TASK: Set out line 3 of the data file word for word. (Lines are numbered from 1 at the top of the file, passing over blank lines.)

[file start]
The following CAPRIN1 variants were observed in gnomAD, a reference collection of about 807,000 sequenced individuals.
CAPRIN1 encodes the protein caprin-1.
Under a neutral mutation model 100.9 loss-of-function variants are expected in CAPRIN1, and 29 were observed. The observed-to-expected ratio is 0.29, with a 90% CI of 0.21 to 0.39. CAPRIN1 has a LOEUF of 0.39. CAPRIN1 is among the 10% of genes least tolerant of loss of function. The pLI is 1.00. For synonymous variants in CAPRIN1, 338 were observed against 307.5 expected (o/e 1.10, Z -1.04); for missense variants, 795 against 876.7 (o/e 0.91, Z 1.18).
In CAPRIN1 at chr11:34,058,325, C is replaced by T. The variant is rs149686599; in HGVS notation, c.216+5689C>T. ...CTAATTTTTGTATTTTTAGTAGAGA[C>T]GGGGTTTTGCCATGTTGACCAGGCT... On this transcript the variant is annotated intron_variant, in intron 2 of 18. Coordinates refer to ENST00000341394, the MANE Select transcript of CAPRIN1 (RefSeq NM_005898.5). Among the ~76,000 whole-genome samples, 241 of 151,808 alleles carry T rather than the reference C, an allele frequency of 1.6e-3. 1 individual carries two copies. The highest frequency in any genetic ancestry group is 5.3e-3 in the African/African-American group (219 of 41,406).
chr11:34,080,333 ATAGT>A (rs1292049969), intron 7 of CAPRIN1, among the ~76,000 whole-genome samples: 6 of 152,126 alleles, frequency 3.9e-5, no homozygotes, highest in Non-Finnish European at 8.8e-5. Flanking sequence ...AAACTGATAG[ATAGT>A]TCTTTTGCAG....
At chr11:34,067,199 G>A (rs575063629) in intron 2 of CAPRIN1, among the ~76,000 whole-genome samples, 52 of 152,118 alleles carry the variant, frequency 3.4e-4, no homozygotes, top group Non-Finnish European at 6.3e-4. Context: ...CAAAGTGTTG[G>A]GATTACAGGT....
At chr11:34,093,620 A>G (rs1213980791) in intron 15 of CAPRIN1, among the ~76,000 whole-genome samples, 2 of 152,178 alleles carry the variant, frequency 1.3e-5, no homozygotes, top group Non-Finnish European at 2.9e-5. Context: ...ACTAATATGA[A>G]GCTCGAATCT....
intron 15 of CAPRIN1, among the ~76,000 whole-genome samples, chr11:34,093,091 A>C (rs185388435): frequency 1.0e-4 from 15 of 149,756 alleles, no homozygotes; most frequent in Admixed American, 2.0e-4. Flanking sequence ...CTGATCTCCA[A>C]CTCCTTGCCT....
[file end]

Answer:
Under a neutral mutation model 100.9 loss-of-function variants are expected in CAPRIN1, and 29 were observed. The observed-to-expected ratio is 0.29, with a 90% CI of 0.21 to 0.39. CAPRIN1 has a LOEUF of 0.39. CAPRIN1 is among the 10% of genes least tolerant of loss of function. The pLI is 1.00. For synonymous variants in CAPRIN1, 338 were observed against 307.5 expected (o/e 1.10, Z -1.04); for missense variants, 795 against 876.7 (o/e 0.91, Z 1.18).